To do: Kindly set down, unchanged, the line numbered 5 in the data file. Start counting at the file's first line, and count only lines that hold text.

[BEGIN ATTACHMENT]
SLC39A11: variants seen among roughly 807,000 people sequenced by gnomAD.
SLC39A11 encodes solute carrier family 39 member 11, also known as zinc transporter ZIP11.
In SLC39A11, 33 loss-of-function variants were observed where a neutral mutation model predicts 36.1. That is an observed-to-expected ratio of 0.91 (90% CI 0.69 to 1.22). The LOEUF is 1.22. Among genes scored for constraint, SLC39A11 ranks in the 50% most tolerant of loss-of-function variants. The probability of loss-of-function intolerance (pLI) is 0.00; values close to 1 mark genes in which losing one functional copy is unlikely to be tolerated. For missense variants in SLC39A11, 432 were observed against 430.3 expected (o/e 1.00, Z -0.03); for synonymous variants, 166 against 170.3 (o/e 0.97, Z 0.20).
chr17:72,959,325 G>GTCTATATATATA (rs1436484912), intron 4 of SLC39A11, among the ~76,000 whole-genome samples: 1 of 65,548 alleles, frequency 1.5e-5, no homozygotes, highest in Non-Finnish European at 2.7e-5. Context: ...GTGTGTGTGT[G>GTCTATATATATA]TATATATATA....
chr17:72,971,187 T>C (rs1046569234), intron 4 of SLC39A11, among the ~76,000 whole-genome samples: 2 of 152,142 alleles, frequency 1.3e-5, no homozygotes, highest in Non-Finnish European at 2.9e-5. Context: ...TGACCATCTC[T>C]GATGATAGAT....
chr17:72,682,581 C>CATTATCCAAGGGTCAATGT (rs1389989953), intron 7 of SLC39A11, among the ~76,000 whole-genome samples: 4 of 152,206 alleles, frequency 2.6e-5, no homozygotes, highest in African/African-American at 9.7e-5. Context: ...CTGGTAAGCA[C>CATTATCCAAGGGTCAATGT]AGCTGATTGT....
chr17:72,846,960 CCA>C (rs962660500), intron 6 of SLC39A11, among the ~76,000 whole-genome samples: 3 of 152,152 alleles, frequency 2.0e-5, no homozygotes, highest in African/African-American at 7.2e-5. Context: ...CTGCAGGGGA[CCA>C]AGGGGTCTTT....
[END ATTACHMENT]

chr17:72,971,187 T>C (rs1046569234), intron 4 of SLC39A11, among the ~76,000 whole-genome samples: 2 of 152,142 alleles, frequency 1.3e-5, no homozygotes, highest in Non-Finnish European at 2.9e-5. Context: ...TGACCATCTC[T>C]GATGATAGAT....